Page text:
Why clean up only once a year?

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March 7, 2011
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March 8, 2011

Clean Up Australia Day is a fantastic initiative that this year inspired over 500,000 people to do their bit.

Mother of three and seasoned traveller, Deborah Dickson-Smith blogs about last weekend..

Armed with gloves and bags, volunteers gathered at 7,400 registered sites across Australia to participate in the 21st Clean Up Australia Day. Focusing on our beaches, parks, bushland and waterways, volunteers removed the country’s most frequently dropped items – cigarette butts and recyclables such as glass, plastics and paper.

I joined in with volunteer group Eco Divers, at Little Manly, one of many sites on the Northern Beaches, for a clean-up with a difference: underwater.

We’ve all been told the dangers of plastic bags and bottles hitting our waterways but you don’t always get to see this first hand. The debris left behind by recreational fishermen is particularly surprising – most of the litter I collected underwater at Little Manly was plastic bags – empty bait bags.

And the total counts from the 40 or so volunteers at Little Manly?

  • 95 kilos rubbish
  • 83 kilos recycleables (sorting what you collect is just as important)
  • 4000+ cigarette butts
  • Lots of fishing debris
  • PLUS – a seabird rescue with fishing hook and line successfully removed from a seagull found in distress.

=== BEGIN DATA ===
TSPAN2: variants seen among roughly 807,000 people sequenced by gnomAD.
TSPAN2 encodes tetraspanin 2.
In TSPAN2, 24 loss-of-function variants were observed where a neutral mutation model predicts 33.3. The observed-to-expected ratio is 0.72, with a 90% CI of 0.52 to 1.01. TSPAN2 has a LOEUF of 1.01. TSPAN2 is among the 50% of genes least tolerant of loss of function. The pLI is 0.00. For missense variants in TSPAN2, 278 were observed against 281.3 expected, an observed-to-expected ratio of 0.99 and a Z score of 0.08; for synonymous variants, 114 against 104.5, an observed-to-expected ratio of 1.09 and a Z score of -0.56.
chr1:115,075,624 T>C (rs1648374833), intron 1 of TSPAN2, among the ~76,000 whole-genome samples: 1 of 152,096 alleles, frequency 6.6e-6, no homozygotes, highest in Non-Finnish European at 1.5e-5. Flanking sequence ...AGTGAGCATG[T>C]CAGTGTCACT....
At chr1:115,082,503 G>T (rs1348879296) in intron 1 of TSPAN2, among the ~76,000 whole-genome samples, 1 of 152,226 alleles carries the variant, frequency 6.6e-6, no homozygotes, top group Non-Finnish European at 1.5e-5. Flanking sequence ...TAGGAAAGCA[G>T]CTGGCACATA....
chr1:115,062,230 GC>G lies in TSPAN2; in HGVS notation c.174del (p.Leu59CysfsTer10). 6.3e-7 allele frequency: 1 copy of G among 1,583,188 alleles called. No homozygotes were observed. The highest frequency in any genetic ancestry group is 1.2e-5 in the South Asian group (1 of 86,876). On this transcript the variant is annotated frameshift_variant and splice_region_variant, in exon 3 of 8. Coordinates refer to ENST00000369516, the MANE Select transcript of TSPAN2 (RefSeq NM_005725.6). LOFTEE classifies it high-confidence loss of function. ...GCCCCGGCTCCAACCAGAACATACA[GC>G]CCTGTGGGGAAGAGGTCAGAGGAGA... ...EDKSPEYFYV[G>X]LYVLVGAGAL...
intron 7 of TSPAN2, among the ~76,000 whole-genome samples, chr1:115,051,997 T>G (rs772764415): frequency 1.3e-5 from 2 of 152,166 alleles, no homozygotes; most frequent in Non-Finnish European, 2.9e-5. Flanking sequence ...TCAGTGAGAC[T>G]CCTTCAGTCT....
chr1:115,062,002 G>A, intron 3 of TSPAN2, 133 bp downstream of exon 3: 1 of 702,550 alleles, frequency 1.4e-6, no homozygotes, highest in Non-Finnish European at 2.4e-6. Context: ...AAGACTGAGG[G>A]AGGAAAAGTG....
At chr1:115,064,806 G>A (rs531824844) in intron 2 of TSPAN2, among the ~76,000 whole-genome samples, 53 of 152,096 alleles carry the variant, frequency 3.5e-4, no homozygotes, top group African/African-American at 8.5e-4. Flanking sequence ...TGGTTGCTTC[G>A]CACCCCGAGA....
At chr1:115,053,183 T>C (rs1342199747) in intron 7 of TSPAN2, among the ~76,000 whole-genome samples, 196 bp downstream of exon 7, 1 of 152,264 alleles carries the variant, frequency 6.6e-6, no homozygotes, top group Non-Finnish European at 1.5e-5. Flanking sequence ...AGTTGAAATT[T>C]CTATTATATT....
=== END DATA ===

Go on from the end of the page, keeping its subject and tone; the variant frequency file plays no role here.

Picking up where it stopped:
And it was fun! A beautiful day to be down the beach, warm water and great visibility for a novice diver such as myself and great fun chatting over a coffee afterwards. Which leads me to ask: why only once a year?

So here’s a thought (not my own original thought but one that I whole-heartedly support): take your two hands, take 30 minutes and head to your favourite local spot to see what difference you can make.

Then… take a photo of your haul and share it on the Two Hands Project Facebook page. It’s catching on – in less than six months the Two Hands Project has attracted over 7000 fans in Australia and all over the world.

About Deborah Dickson-Smith

Deborah’s first trip with a bub of 4 months involved a 26-hour flight with no sleep, which is exactly when she realised travelling would never be the same. This has only been further confirmed as her family has grown. She’s lived in Singapore, Kuala Lumpur, Edinburgh, London and is now reasonably settled in Sydney’s northern beaches with her three children — who are now all seasoned travellers.